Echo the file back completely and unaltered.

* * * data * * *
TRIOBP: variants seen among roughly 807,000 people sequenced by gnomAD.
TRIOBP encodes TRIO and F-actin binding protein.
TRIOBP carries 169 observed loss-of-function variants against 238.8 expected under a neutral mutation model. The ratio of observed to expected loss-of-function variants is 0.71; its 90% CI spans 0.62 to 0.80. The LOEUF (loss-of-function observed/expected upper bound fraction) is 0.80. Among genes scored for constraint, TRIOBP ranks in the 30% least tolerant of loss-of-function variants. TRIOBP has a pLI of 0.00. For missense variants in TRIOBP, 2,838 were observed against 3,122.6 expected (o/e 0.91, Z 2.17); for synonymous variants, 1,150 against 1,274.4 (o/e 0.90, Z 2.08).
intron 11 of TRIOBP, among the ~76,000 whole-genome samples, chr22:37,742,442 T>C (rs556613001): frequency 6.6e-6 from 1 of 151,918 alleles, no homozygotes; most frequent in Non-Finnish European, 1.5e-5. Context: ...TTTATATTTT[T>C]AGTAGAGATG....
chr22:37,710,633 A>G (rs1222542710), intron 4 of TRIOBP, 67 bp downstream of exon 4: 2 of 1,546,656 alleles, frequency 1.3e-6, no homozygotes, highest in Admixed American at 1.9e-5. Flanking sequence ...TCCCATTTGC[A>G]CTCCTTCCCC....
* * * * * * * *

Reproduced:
TRIOBP: variants seen among roughly 807,000 people sequenced by gnomAD.
TRIOBP encodes TRIO and F-actin binding protein.
TRIOBP carries 169 observed loss-of-function variants against 238.8 expected under a neutral mutation model. The ratio of observed to expected loss-of-function variants is 0.71; its 90% CI spans 0.62 to 0.80. The LOEUF (loss-of-function observed/expected upper bound fraction) is 0.80. Among genes scored for constraint, TRIOBP ranks in the 30% least tolerant of loss-of-function variants. TRIOBP has a pLI of 0.00. For missense variants in TRIOBP, 2,838 were observed against 3,122.6 expected (o/e 0.91, Z 2.17); for synonymous variants, 1,150 against 1,274.4 (o/e 0.90, Z 2.08).
intron 11 of TRIOBP, among the ~76,000 whole-genome samples, chr22:37,742,442 T>C (rs556613001): frequency 6.6e-6 from 1 of 151,918 alleles, no homozygotes; most frequent in Non-Finnish European, 1.5e-5. Context: ...TTTATATTTT[T>C]AGTAGAGATG....
chr22:37,710,633 A>G (rs1222542710), intron 4 of TRIOBP, 67 bp downstream of exon 4: 2 of 1,546,656 alleles, frequency 1.3e-6, no homozygotes, highest in Admixed American at 1.9e-5. Flanking sequence ...TCCCATTTGC[A>G]CTCCTTCCCC....